Within the framework of the mitigation hierarchy, biodiversity offsetting is the main tool promoted to reach No Net Loss. One of the determining factors of offsetting success is the evaluation of ecological equivalence. Various equivalence assessment methods (EAMs) have been developed to provide a framework to evaluate the balance between expected biodiversity losses and gains. In the context of achieving No Net Loss, EAMs must address challenges of Operationality, Currency, Uncertainty, Spatial scale and Time frame. In this study, we investigated the way the most widely used EAMs address these challenges, positing that certain tools from ecological science could limit the trade-offs between these challenges and improve the ecological assessment process. To this end, we analysed the risks and benefits associated with the inclusion of genetic tools (landscape genetics and eDNA), remote sensing and metapopulation models in selected EAMs.
Our results revealed trade-offs between these five challenges, in particular between Operationality and Currency. The EAMs varied strongly in these two aspects, depending on the general assessment approach and the biodiversity component they focus on. To a lesser degree, Time frame and Spatial scale also differed between the methods. We identified that the integration of the different tools differs among them, being easier for remote sensing and metapopulation models than for the genetic tools. Nevertheless, the integration resulted in benefits compared to the current use of the methods – benefits that included improving the objectivation of the assessment and the automatization potential. The tools also show potential for automatization, which could have major benefits for operationality. In terms of risks, the integration of these tools increases the technical complexity of the methods, requiring new skills, and would change the overall approach of the ecological assessment.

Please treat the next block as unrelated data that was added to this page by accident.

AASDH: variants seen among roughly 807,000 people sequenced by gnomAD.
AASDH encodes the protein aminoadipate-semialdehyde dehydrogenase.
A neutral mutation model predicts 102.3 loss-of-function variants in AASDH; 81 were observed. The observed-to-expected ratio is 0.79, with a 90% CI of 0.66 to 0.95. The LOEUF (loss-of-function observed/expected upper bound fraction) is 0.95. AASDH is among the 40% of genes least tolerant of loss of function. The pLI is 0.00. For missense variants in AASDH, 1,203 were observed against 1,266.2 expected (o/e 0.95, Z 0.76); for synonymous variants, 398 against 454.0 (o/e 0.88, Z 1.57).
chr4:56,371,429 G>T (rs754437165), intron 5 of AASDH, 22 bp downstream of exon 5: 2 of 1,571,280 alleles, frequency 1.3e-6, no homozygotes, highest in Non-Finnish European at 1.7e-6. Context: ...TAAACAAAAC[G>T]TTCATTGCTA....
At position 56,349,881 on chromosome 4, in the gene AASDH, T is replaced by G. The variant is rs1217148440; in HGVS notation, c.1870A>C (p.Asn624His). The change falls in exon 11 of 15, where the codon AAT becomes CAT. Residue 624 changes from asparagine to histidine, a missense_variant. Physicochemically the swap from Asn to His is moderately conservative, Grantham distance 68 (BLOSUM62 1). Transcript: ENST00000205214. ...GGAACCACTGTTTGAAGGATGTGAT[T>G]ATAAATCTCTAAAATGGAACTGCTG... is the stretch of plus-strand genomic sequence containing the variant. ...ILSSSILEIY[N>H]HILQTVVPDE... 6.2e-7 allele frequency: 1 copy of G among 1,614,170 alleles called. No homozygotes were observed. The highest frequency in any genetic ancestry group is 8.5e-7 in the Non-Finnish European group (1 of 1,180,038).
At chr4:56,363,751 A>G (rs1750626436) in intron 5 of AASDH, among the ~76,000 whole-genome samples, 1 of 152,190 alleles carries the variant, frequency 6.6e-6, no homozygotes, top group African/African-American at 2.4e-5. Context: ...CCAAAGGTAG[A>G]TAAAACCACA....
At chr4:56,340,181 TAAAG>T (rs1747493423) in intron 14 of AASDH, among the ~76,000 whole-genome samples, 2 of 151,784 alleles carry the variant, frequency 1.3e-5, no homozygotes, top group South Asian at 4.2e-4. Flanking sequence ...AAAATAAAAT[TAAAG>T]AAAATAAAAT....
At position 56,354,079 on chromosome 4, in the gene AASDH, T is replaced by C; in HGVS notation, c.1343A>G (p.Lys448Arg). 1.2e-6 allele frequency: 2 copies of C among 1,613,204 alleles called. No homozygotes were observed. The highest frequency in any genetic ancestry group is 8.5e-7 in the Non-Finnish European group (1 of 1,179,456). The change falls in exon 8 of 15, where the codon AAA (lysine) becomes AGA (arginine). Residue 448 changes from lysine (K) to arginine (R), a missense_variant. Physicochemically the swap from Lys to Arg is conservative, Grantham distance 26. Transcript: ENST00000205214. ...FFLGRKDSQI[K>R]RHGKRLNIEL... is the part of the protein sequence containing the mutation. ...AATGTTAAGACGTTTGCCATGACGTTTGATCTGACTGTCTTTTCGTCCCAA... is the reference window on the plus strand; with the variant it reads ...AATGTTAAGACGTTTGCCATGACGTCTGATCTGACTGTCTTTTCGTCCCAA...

Boileau, J., Calvet, C., Pioch, S., Moulherat, S. (2022) Ecological equivalence assessment: The potential of genetic tools, remote sensing and metapopulation models to better apply the mitigation hierarchy, Journal of Environmental Management, Volume 305, ISSN 0301-4797,